The Mortgage Electronic Registration Systems, or MERS, for short has a pretty strong track record of maintaining the integrity of its mortgage transactions, even if the registry’s critics see otherwise.

This week, the Idaho Supreme Court followed in the steps of numerous other courts, holding in Renshaw v. Mortgage Electronic Registration Systems that having MERS named as a beneficiary for a lender is appropriate under Idaho law.

In the case, the promissory note had been assigned several times, prompting the borrower to challenge MERS’ role as the lender’s beneficiary. But the court held that transferring the note does not affect the right of the new holder to have MERS named as beneficiary.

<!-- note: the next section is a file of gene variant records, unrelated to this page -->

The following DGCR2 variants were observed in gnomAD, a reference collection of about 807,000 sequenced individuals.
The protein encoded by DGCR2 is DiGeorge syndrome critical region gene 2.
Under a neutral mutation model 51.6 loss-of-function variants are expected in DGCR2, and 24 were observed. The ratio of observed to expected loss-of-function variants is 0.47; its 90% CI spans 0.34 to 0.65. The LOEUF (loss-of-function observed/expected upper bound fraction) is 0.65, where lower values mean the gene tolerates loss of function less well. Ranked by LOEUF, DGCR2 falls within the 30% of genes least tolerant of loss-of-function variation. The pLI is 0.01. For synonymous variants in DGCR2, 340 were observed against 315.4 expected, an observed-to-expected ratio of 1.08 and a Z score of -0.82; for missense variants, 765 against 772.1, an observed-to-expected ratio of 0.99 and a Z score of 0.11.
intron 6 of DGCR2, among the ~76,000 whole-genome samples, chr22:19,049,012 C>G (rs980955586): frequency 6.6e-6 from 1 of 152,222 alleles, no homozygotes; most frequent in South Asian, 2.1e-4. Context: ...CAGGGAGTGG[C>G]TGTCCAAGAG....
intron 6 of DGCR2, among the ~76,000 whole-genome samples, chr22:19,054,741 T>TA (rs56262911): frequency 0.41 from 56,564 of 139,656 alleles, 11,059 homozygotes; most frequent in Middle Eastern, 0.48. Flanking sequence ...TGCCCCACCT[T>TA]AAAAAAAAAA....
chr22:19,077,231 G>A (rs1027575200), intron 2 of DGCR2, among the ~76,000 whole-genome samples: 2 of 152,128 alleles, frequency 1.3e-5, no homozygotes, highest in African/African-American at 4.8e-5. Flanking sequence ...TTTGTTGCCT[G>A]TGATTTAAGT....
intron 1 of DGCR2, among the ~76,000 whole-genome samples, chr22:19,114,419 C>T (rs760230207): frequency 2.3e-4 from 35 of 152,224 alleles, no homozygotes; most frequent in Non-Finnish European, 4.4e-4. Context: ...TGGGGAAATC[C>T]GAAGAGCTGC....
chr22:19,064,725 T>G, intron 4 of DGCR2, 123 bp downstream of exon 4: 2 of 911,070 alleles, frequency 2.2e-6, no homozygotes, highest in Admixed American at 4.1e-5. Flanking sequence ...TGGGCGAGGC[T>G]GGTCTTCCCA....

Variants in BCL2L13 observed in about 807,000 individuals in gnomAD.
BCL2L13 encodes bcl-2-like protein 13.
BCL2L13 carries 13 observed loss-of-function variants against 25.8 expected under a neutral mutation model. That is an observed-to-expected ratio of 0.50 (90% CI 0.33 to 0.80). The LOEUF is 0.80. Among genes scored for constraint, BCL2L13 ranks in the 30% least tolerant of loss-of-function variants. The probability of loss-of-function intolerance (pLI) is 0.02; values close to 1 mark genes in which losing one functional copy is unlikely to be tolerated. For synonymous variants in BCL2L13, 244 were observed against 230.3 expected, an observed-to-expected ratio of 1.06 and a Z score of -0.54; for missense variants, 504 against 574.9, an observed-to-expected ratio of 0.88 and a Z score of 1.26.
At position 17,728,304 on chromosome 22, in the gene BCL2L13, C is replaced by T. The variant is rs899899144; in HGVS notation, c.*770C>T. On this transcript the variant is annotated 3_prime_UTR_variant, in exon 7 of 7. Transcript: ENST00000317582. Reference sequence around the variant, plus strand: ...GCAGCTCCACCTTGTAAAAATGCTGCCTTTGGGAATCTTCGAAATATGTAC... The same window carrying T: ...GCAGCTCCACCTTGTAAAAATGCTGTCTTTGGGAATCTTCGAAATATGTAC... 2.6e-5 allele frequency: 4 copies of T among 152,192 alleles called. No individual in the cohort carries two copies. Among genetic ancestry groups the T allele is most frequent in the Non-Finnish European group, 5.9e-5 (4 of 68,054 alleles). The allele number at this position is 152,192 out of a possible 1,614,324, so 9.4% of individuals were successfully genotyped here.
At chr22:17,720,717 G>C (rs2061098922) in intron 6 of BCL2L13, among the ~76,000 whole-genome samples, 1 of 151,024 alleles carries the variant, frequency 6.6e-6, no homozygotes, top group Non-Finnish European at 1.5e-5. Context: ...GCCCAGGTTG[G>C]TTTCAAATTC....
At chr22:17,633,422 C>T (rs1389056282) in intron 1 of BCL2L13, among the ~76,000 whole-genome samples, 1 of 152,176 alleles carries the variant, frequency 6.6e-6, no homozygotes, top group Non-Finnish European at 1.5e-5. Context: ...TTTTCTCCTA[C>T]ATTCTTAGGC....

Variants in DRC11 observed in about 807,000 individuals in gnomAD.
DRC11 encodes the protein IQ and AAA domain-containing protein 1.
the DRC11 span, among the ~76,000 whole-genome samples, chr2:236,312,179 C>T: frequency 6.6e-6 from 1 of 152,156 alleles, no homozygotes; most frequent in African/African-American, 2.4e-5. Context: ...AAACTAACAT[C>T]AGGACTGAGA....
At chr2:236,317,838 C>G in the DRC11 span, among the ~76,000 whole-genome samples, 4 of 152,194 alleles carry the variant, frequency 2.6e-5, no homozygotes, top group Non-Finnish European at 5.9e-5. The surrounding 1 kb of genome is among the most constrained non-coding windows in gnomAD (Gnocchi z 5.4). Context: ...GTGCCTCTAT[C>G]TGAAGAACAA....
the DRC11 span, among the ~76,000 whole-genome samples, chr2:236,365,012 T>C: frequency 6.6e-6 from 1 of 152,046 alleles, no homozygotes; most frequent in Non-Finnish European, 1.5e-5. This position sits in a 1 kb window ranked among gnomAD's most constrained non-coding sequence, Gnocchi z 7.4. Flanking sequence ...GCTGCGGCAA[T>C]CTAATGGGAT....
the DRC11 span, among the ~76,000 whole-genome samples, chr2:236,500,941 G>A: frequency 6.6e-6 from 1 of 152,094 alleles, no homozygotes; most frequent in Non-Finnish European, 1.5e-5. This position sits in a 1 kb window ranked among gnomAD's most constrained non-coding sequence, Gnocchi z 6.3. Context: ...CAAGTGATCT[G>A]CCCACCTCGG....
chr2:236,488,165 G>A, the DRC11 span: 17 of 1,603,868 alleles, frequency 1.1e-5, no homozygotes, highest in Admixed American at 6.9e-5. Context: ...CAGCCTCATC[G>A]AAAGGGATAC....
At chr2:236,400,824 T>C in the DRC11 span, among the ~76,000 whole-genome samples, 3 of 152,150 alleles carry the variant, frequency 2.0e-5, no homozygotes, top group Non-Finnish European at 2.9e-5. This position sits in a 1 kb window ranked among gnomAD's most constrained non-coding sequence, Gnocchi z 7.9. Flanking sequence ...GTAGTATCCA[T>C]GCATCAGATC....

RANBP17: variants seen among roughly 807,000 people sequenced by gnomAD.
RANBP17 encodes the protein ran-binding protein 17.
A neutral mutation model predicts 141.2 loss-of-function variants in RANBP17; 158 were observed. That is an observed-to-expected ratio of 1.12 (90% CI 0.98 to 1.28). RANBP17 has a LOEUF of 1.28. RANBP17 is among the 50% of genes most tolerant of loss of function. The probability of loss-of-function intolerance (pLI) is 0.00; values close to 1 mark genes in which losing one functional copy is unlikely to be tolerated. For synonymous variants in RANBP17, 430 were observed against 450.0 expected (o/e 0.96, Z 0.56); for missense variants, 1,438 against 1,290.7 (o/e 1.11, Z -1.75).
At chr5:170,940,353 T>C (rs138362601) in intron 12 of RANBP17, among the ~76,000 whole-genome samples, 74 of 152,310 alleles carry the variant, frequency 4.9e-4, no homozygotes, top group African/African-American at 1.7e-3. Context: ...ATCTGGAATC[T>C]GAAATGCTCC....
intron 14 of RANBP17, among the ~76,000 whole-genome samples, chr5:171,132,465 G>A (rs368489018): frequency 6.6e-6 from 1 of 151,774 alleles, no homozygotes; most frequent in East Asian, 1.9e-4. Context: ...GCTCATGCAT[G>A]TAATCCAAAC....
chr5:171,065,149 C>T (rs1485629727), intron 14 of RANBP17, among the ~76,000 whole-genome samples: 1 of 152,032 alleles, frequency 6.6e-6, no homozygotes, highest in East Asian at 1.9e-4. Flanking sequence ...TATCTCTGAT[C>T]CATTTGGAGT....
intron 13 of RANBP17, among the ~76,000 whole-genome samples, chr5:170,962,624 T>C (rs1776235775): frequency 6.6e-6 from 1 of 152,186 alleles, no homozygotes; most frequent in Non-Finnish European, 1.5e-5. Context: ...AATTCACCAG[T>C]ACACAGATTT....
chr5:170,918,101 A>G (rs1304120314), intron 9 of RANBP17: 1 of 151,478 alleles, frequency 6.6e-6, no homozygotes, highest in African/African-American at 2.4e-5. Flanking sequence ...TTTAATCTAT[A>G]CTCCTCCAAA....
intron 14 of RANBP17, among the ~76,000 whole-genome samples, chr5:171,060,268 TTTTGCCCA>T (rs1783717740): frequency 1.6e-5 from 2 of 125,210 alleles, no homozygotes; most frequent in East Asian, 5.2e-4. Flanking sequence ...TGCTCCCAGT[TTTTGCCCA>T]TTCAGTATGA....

"The highest court in Idaho has ruled once again that MERS is a valid beneficiary," said MERSCORP Holdings Vice President for Corporate Communications Janis Smith. "This is consistent with past Idaho court decisions that have upheld MERS’ role and authority and it validates MERS’ role as trust deed beneficiary under Idaho law."

But as HousingWire pointed out in the article, “Much Ado About MERS”, the mortgage registry became a popular defendant in foreclosure litigation despite its habit of securing legal victories in a strong majority of the cases. 

Last April, the Rhode Island Supreme Court upheld MERS' right to forecosure as an agent of the actual promissory note holder.

MERS was created back in the 1990s, but did not face legal scrutiny until a decade later when the housing market collapsed.